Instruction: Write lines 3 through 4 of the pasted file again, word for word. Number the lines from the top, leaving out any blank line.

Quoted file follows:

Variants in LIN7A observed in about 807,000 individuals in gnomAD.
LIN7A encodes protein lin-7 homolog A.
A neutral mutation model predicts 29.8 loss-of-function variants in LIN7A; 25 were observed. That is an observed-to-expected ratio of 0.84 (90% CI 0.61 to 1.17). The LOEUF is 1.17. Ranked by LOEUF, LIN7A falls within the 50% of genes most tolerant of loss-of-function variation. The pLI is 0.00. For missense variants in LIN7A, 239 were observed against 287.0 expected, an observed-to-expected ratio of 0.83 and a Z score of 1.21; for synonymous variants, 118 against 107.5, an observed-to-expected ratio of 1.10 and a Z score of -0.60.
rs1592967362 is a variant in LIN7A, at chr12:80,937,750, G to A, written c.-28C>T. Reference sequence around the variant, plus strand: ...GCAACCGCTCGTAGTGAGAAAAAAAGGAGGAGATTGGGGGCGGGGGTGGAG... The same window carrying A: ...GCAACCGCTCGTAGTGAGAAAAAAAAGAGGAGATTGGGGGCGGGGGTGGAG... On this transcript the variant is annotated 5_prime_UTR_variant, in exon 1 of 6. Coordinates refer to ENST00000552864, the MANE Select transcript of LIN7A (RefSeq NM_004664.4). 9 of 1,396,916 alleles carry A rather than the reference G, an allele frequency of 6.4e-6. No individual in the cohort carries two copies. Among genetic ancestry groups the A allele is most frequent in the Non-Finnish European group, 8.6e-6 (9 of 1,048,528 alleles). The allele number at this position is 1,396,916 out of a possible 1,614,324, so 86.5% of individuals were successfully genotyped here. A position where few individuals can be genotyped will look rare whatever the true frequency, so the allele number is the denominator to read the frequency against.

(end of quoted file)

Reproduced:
A neutral mutation model predicts 29.8 loss-of-function variants in LIN7A; 25 were observed. That is an observed-to-expected ratio of 0.84 (90% CI 0.61 to 1.17). The LOEUF is 1.17. Ranked by LOEUF, LIN7A falls within the 50% of genes most tolerant of loss-of-function variation. The pLI is 0.00. For missense variants in LIN7A, 239 were observed against 287.0 expected, an observed-to-expected ratio of 0.83 and a Z score of 1.21; for synonymous variants, 118 against 107.5, an observed-to-expected ratio of 1.10 and a Z score of -0.60.
rs1592967362 is a variant in LIN7A, at chr12:80,937,750, G to A, written c.-28C>T. Reference sequence around the variant, plus strand: ...GCAACCGCTCGTAGTGAGAAAAAAAGGAGGAGATTGGGGGCGGGGGTGGAG... The same window carrying A: ...GCAACCGCTCGTAGTGAGAAAAAAAAGAGGAGATTGGGGGCGGGGGTGGAG... On this transcript the variant is annotated 5_prime_UTR_variant, in exon 1 of 6. Coordinates refer to ENST00000552864, the MANE Select transcript of LIN7A (RefSeq NM_004664.4). 9 of 1,396,916 alleles carry A rather than the reference G, an allele frequency of 6.4e-6. No individual in the cohort carries two copies. Among genetic ancestry groups the A allele is most frequent in the Non-Finnish European group, 8.6e-6 (9 of 1,048,528 alleles). The allele number at this position is 1,396,916 out of a possible 1,614,324, so 86.5% of individuals were successfully genotyped here. A position where few individuals can be genotyped will look rare whatever the true frequency, so the allele number is the denominator to read the frequency against.